The board has talked about scheduling a "fishroom or house tour" on a weekend. We'd love to hear from people who would be interested in having fishgeeks traipsing thru their fishy places.
Hopefully we'll be doing this soon
My thoughts (as a guy who has a "fishroom" that consists of 12+ tanks of 7 different sizes, mostly on standard aquarium stands, with lots of individual filters etc) - the things I'm going to be changing this year (I hope):
- More standard tank sizes - maybe six or eight 15g tanks, six 10g tanks, plus a handful of 55g tanks and my 125g
- replace tanks on stands with tanks in racks - I can fit a whole rack of 15g tanks in the space I am taking up with a 20g and a 29g tank right now
- Fewer power filters, more air-driven (sponge, box, UG) filters
- At least one rack with a drip system for small partial water changes (using drilled tanks with overflow pipes)
But this is in part because I want to start breeding more fishes, especially smaller fishes that I can breed in 15g tanks (or breed in one of the 55g tanks and raise the fry in the 15's).
If you're looking at larger fishes, you may want to plan on larger tanks.
I also want to simplify my maintenance routine and make the individual tanks more visible (I have too many "hidden" tanks that I don't look at enough).
Ideally I'd like to heat the room rather than the tanks eventually (not an option yet) and install a heat exchanger type fan system (to keep the humidity levels down by venting air out but not heat)
I already have mostly "shop light" style lighting - very few "strip lights" - and would try to eliminate the few that are left. Shop lights are economical, and the 48" T8 daylight bulbs are cheap and look good.
Right now I am running 2 Aquaclear 500 filters, one Tetra 60 filter, 2 fluval canisters, 1 Cascade Canister, one other HOB filter (I forget the brand), and at least one sponge or box filter in every tank. (plus a big trickle filter on my 125g tank). I'd like to do away with all of the HOB filters, and both Fluval filters. (the cascade is on my mudskipper tank and is staying).
Most "modern" aquarists would be amazed by the cleaning power of a simple box filter - they are great mechanical filters and pair well with sponges for biofiltration.
Depending on how many tanks I end up with, I might move to a very large diaphram air pump (or a very small blower) - I use 2 fairly big pumps and 2 small ones right now.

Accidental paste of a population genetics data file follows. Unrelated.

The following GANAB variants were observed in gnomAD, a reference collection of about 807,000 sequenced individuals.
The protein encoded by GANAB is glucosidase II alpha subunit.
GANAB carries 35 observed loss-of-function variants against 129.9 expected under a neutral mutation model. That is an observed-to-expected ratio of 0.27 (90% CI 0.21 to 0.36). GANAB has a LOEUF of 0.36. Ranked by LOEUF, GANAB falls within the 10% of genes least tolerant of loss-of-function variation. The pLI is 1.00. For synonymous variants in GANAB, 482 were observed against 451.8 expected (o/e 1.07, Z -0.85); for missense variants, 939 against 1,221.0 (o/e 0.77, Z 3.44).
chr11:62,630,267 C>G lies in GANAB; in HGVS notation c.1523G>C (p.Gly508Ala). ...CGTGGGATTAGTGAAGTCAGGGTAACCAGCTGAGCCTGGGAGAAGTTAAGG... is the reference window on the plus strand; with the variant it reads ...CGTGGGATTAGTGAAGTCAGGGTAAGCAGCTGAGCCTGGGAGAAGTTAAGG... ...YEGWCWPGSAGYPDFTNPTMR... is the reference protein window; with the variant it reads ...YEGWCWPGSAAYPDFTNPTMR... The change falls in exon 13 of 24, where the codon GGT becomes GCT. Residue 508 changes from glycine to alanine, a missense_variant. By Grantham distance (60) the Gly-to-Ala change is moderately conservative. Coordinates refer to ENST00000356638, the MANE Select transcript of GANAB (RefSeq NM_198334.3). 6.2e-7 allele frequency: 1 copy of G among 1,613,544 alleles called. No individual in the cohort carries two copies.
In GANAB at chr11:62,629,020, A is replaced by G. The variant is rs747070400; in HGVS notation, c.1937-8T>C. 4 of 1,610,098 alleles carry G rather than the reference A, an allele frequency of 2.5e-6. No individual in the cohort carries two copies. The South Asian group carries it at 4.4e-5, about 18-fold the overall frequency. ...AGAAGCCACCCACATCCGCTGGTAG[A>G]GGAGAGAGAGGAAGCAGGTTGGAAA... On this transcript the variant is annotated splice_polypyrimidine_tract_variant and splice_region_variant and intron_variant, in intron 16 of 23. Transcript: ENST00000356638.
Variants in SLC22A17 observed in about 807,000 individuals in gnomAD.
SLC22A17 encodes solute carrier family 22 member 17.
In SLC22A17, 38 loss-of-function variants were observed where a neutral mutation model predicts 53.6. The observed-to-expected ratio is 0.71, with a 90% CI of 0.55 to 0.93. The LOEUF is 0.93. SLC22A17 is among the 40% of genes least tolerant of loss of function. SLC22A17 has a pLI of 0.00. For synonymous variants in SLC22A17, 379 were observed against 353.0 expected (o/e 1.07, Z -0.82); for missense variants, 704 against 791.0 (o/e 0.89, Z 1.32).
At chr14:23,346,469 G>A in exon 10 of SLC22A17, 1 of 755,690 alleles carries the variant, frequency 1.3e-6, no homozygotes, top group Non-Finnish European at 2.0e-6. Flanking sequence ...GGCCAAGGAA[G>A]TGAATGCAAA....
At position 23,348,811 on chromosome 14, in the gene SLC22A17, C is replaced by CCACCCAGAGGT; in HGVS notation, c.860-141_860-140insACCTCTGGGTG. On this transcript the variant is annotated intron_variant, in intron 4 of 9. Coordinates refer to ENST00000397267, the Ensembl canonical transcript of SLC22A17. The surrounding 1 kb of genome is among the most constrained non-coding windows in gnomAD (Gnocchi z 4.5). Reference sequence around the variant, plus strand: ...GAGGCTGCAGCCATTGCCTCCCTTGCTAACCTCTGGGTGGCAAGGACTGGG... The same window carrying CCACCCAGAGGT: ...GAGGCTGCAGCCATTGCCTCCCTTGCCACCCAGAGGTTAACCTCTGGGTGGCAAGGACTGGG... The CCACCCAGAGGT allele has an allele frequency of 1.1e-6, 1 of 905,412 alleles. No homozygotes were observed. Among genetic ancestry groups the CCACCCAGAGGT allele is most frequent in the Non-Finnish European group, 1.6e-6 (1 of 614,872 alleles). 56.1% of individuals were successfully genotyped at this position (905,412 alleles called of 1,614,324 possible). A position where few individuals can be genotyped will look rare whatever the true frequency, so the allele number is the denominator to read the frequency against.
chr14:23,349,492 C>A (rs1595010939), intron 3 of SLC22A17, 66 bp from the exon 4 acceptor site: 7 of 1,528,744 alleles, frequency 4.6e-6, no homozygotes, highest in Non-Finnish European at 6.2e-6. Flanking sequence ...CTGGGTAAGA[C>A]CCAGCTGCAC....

When it comes to fishroom equipment, I like Kensfish.com and jehmco.com . I also like the sponge filters from angelsplus.com (we're hoping to do a club group by on some of those sponge filters soon).
I also like our local friends like Skipton's, Uncle Ned's, Lovely Pets, and Tropic Isle, of course - but none of them are selling 4" cube sponge filters for $5 !
I've also personally severely limited the amount of "aquarium gravel" I use - most of my tanks have either:
a) a very thin layer of sand (either pool filter sand or coral sand depending on the fish)
b) a deep layer of pool filter sand and laterite, covered by more sand (planted tanks)
c) a commercial plant gravel like ecocomplete or flourite sand (planted tanks)
d) a thin layer of crushed coral
Other than the crushed coral, I don't vacuum any of these - I either siphon from 1" above the thin layer of sand, or leave the detritus there (planted tanks).
In fact, for most of my tanks, I pump water from the tank to the sink using a Supreme Mag 5 pump and a python unit. This allows me to quickly change water. (and rarely carry a bucket of water to the sink)
I premix my water change water in a 33 or 40g rubbermade barrel, which contains a heater and a powerhead pump. the pump is attached to about 5 feet of 5/8" tubing, which has a "u-tube" nozzle on the end. This allows me to quickly pump the water into the tank from the barrel - no lifting buckets over the tank to fill it etc. (and of course I dechlorinate and adjust temp and pH/hardness before adding the water to the tank).
Oh - I've found Tap Water Conditioner brand and Prime brand water conditioners to be good choices for me when dealing with my fishroom - the 16oz sizes treat somewhere over 9000 gallons, while a 16oz "Stress Coat" treats something like 900g -- this makes a big difference when your changing 50 - 100g per week
Its new, its improved (its still a work-in-progress)